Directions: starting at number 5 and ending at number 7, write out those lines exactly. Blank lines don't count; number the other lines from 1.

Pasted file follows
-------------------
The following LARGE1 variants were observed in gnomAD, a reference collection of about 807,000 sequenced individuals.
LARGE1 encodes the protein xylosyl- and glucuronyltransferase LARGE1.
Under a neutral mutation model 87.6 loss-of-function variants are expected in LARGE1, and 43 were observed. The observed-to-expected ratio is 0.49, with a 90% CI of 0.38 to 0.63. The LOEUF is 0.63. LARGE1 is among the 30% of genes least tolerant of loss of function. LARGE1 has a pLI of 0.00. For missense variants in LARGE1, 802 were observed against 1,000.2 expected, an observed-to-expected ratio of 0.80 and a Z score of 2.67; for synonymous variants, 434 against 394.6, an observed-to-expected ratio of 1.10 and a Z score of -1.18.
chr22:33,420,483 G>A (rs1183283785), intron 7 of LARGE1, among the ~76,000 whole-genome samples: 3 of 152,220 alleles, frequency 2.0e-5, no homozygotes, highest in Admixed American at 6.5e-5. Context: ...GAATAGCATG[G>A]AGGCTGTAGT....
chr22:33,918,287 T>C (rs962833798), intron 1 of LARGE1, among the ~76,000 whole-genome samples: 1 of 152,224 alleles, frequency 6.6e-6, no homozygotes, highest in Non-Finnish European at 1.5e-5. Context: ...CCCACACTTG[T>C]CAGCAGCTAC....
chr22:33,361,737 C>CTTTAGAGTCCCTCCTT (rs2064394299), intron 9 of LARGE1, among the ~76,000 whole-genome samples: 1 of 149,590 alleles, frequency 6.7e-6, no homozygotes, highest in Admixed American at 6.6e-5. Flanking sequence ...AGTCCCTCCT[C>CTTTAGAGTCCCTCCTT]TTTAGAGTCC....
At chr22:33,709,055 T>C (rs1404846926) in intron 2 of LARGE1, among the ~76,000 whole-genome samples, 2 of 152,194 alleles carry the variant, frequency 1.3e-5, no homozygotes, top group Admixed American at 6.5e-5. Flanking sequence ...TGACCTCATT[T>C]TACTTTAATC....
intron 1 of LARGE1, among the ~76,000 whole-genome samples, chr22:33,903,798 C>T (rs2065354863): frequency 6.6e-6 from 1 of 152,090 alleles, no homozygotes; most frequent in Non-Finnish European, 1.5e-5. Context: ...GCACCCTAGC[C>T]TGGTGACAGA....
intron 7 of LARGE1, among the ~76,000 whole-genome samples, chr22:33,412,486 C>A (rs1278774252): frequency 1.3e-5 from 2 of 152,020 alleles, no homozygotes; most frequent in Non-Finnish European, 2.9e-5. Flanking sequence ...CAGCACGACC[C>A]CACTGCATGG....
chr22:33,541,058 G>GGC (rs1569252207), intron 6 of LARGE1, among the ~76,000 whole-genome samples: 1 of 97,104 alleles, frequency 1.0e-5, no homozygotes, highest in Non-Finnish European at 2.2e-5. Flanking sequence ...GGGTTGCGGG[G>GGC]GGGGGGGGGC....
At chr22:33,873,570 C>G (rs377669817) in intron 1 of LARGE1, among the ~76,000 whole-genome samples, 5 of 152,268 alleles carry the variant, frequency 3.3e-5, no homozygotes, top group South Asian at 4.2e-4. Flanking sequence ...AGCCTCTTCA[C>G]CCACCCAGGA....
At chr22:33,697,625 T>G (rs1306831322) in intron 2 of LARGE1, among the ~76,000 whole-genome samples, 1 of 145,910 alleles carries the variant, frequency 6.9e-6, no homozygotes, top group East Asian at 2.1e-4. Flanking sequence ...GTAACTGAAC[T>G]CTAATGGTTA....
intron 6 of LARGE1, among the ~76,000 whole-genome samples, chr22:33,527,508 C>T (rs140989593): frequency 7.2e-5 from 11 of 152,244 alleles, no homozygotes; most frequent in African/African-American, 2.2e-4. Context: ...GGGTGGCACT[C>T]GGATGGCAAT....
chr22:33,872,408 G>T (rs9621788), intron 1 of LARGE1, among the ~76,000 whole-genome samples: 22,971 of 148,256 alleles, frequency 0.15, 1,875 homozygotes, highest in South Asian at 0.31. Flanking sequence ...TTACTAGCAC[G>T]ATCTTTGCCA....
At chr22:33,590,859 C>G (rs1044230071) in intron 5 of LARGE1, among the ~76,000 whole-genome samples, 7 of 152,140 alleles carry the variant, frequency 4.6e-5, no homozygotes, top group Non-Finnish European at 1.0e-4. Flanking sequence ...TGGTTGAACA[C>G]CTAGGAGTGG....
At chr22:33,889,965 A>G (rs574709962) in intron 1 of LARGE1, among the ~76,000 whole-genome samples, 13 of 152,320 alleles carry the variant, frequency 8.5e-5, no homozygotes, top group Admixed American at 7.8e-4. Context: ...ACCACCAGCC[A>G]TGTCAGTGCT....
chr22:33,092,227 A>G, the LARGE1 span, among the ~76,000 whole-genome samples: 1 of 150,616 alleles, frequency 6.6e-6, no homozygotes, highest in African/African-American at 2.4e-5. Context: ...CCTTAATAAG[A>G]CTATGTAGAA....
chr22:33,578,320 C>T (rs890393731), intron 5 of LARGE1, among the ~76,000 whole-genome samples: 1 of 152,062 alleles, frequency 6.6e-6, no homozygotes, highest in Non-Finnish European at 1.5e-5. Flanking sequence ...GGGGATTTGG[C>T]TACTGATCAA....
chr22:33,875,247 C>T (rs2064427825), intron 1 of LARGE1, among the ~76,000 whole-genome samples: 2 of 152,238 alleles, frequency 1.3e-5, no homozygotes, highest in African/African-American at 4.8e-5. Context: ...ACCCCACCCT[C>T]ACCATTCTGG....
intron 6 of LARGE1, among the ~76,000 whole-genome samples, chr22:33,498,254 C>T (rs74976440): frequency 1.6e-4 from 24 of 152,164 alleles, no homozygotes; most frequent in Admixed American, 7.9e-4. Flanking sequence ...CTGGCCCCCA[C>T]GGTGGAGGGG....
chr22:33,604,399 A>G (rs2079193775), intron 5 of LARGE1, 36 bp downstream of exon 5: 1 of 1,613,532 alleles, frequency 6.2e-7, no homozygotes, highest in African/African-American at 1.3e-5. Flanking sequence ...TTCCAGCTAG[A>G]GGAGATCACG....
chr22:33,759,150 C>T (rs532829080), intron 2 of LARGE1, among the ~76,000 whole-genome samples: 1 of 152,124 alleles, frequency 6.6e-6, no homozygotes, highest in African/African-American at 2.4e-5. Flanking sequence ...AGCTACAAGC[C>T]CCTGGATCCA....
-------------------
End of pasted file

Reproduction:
chr22:33,918,287 T>C (rs962833798), intron 1 of LARGE1, among the ~76,000 whole-genome samples: 1 of 152,224 alleles, frequency 6.6e-6, no homozygotes, highest in Non-Finnish European at 1.5e-5. Context: ...CCCACACTTG[T>C]CAGCAGCTAC....
chr22:33,361,737 C>CTTTAGAGTCCCTCCTT (rs2064394299), intron 9 of LARGE1, among the ~76,000 whole-genome samples: 1 of 149,590 alleles, frequency 6.7e-6, no homozygotes, highest in Admixed American at 6.6e-5. Flanking sequence ...AGTCCCTCCT[C>CTTTAGAGTCCCTCCTT]TTTAGAGTCC....
At chr22:33,709,055 T>C (rs1404846926) in intron 2 of LARGE1, among the ~76,000 whole-genome samples, 2 of 152,194 alleles carry the variant, frequency 1.3e-5, no homozygotes, top group Admixed American at 6.5e-5. Flanking sequence ...TGACCTCATT[T>C]TACTTTAATC....